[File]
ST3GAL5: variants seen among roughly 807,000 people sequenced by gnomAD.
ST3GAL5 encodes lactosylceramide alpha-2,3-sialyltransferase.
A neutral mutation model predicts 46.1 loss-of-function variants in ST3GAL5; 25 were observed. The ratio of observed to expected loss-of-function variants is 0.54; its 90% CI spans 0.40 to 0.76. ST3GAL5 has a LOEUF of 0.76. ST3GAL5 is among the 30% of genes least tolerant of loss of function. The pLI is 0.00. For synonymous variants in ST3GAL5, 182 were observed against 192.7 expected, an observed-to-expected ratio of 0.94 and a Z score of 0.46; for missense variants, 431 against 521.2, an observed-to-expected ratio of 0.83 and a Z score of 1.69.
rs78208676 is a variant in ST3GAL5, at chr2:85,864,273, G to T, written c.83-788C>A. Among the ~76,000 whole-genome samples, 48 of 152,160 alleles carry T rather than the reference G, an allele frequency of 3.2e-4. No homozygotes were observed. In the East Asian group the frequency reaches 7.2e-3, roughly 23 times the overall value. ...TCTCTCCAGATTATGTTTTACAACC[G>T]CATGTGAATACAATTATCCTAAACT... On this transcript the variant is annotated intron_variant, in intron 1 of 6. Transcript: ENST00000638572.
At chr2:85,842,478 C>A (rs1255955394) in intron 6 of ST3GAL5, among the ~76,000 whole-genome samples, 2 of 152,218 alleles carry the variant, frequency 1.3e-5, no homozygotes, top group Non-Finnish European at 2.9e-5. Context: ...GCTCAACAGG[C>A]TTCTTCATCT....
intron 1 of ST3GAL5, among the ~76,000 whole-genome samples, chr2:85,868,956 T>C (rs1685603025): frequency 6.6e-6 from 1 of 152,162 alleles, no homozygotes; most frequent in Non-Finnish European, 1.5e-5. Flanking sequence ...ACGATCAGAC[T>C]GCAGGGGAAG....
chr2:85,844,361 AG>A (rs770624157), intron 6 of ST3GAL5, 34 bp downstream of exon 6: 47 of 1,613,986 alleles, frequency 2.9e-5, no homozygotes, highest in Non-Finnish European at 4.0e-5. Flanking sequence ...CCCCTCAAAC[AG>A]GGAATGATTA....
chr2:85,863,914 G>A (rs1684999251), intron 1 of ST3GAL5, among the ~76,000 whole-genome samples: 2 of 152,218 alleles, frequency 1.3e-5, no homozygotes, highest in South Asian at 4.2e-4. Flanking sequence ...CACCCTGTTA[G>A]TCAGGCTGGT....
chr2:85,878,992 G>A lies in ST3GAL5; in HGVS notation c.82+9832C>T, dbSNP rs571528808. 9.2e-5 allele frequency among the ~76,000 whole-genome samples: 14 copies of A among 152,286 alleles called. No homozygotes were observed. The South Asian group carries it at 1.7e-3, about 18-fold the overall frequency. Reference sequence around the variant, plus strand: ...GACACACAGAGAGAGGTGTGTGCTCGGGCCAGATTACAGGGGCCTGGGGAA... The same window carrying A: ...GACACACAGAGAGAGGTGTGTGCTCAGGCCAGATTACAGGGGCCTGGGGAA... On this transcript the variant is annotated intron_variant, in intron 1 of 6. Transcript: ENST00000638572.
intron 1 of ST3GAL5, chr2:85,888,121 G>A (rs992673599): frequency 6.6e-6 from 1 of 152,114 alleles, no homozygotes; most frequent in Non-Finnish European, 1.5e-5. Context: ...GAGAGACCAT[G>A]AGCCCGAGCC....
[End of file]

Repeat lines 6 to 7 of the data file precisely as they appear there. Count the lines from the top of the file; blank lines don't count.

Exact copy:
intron 1 of ST3GAL5, among the ~76,000 whole-genome samples, chr2:85,868,956 T>C (rs1685603025): frequency 6.6e-6 from 1 of 152,162 alleles, no homozygotes; most frequent in Non-Finnish European, 1.5e-5. Flanking sequence ...ACGATCAGAC[T>C]GCAGGGGAAG....
chr2:85,844,361 AG>A (rs770624157), intron 6 of ST3GAL5, 34 bp downstream of exon 6: 47 of 1,613,986 alleles, frequency 2.9e-5, no homozygotes, highest in Non-Finnish European at 4.0e-5. Flanking sequence ...CCCCTCAAAC[AG>A]GGAATGATTA....